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Many people who ride horses do not consider the fact that (despite popular myth) a horse’s back is not actually designed to carry a load. Most horses are suffering from mild to severe back pain when carrying a human rider.
From quarter horses to ranch ponies to arabians, when our favorite equine friend carries a rider, it must use its muscles and balance in unnatural ways. Ideally, horses are schooled in a way that strengthens their muscles, and the rider rides in a way that helps the horse balance.
Unfortunately, this is frequently not the case.
A horse that is poorly balanced and misaligned can experience back pain, which is often expressed through undesirable behavior.
While good riding and a properly fitting saddle are instrumental in caring for our horses’ backs, many horses (and riders) benefit from chiropractic treatment, as part of holistic care. Almost all animals from dogs and cats to horses and cows benefit greatly as well.
Chiropractors focus on the skeletal structures of the horse, and use manual manipulations to bring these structures back into their proper alignment. Even spinal decompression has been used successfully on horses.
If your horse is experiencing any of these symptoms or behavior issues, chiropractic treatment may be helpful:
Difficulty bending or flexing
Obvious back or neck pain
Difficulty picking up leads at a canter
Signs of resistance such as bucking, rearing, swishing tail
Difficulty with gait transitions
Uneven shoulders or hips
Crabby while being groomed
Holding the tail to one side
Becoming under or over flexed
Lack of impulsion
Difficulty maintaining collection
Cold backed or cinchy
Will not stand on three legs when hoof cleaning or for the farrier
Short strides at the trot or canter
Refusals at jumps and being ring sour
Stumbling or knuckling over with front or rear legs
A consultation with an equine chiropractor should start with a thorough examination of the horse, including looking at its history, care and use. Remember, horses are not just simple pets, they are complicated animals that require expert equestrian medical attention.
The chiropractor may ask to see the horse move at all gaits and perhaps even ridden. If the chiropractor learns the rider has back or mobility problems, and they are qualified to do so, they may make recommendations or provide treatment for the rider as well. It is not unusual for the horse to react to stiffness in the rider.
The chiropractor will use manual force on certain points on the horse’s body to bring the structures beneath back into normal alignment. Ideally, this will restore the joint to normal function and range of motion. The first consultation and treatment may take an hour or more.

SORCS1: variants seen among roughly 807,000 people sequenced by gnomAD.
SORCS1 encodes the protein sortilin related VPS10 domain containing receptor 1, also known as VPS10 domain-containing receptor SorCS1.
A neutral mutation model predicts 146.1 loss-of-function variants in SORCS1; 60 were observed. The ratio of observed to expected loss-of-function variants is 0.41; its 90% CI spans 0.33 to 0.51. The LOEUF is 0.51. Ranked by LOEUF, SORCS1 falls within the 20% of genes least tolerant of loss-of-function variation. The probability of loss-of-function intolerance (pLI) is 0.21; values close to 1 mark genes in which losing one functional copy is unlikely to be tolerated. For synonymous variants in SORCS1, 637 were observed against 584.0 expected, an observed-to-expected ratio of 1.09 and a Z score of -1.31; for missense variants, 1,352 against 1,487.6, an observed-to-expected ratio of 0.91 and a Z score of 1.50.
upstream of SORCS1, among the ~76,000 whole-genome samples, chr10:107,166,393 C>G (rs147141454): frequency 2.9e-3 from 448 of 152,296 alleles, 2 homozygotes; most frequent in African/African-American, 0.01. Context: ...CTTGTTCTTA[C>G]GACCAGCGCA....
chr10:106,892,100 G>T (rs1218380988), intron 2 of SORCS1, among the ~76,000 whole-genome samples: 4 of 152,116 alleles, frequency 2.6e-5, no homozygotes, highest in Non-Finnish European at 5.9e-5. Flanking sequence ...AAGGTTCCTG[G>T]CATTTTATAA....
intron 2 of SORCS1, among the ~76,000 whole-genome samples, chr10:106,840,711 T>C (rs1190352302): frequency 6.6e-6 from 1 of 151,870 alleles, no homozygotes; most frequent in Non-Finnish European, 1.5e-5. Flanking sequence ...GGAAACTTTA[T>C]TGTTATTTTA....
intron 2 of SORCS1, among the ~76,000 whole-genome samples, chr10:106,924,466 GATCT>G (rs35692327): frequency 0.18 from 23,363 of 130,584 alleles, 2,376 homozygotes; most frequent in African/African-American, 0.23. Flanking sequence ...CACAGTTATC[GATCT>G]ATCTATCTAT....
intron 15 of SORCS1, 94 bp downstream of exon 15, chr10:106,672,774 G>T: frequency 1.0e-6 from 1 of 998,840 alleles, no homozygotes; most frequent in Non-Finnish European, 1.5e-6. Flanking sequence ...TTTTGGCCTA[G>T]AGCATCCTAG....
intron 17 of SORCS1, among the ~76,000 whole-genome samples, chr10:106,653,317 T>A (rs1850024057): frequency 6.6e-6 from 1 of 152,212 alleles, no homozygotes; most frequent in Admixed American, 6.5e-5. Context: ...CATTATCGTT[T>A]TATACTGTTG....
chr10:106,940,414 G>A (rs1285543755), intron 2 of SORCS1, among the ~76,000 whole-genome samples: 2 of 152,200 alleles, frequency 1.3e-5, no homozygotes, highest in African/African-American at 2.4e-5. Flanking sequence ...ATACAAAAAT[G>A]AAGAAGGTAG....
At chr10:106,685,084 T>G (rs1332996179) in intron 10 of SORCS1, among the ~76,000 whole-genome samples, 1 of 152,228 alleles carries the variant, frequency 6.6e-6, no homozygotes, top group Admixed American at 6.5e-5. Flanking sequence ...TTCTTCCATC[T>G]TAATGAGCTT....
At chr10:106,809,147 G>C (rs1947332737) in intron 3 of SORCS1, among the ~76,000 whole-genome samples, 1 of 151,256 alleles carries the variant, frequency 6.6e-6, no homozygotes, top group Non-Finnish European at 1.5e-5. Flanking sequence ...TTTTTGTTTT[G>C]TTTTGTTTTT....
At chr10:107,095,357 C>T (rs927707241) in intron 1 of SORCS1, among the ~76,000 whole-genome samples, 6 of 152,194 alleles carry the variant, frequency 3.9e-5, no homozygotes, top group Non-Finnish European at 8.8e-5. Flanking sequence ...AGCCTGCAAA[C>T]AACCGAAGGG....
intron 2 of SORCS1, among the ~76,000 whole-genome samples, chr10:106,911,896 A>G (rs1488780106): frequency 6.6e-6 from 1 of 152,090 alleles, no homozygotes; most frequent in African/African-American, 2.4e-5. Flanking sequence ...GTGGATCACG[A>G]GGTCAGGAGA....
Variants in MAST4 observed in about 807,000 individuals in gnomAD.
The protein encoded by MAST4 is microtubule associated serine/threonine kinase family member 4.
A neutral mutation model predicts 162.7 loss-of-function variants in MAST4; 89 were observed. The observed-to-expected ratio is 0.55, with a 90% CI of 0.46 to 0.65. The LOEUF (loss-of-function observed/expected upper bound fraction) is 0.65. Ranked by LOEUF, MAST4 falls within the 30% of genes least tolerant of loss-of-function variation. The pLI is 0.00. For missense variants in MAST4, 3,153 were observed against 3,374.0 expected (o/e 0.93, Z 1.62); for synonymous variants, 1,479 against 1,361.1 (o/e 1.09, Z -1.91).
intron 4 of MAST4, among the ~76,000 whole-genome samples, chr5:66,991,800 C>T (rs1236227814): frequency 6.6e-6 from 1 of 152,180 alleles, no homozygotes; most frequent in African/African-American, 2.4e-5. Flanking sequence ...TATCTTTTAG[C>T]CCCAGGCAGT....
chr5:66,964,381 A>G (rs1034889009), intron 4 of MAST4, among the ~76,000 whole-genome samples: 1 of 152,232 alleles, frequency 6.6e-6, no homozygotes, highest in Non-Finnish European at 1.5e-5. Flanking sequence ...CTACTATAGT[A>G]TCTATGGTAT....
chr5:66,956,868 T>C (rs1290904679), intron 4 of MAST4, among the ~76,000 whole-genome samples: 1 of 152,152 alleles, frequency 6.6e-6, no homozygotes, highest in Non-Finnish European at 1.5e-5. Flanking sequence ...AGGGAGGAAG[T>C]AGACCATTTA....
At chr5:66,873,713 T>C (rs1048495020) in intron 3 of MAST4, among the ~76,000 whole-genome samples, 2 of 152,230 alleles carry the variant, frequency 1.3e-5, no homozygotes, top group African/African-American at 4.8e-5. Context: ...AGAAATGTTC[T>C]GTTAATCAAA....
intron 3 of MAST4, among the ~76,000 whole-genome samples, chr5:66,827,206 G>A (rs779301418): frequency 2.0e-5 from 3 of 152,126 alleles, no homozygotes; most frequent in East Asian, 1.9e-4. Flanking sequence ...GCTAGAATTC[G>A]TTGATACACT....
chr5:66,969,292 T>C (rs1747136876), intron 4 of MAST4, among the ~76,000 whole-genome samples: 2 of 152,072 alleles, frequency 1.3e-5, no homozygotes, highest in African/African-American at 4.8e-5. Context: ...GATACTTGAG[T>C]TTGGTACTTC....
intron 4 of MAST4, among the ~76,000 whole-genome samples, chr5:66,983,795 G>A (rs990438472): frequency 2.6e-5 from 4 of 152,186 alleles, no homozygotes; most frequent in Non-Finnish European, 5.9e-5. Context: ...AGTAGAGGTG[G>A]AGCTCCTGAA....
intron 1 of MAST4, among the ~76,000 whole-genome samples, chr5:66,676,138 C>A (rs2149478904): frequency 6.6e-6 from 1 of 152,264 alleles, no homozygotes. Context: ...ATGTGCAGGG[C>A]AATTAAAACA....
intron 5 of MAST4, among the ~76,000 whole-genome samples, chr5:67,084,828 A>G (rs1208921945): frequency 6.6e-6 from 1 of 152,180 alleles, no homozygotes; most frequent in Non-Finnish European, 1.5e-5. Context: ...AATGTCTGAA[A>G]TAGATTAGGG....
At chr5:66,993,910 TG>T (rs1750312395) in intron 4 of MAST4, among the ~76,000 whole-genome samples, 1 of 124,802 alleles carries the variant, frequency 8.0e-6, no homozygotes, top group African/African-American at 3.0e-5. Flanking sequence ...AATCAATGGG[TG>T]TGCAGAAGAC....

Follow up appointments may be recommended, usually within a week of the initial treatment, and then further apart as any specific problems begin to resolve.
People who specialize in chiropractics may complement their practice with other therapies such as infrared lights, massage, myofascial release, acupuncture or pressure, therapeutic touch or stress point therapy. The regulation of alternative therapies such as chiropractics is different from place to place, so it may be ideal to do research and find out what qualifications are required in your area.
Word of mouth recommendations are a good indication that a chiropractor has had good results with other horses.
Some veterinarians are trained in equine chiropractics. Some chiropractors treat both humans and horses, which can be helpful in pinpointing how imbalances in the rider affect the horse.
The Chiropractic Examination
Each chiropractic exam should consist of obtaining a history of the patient and a physical exam involving these steps.
The practitioner observes the standing horse, watching for postural abnormalities, signs of discomfort, asymmetry, or muscle wasting.
Spinal analysis and palpation can pinpoint areas of heat or inflammation and/or any blatant structural abnormalities. The chiropractor palpates the back for any spinal asymmetry, spasmodic muscles, and muscle asymmetry.
Gait analysis is a crucial part of every chiropractic examination. Your chiropractor might implement traditional lameness or neurologic examinations to determine whether further veterinary work up is appropriate before continuing with the chiropractic treatment. Chiropractic gait analysis involves evaluating spinal mobility and pelvic motion as the horse moves. It can help the chiropractor differentiate back pain from limb abnormalities.
Motion palpation is the core of the exam. It consists of taking each joint through its entire range of motion to determine if there is loss of normal motion or increased resistance to induced motion of any vertebral body.
There are times when chiropractic treatment is not recommended. If your horse has a lameness or a very specific center of pain, it is best to check for injury or even fracture before proceeding with chiropractic treatment. Using chiropractic treatment on some problems, especially undiagnosed fractures, can cause even greater injury.
Always consult with a qualified Glendale horse chiropractor. That way, you can be sure that the practitioner has the proper training and experience.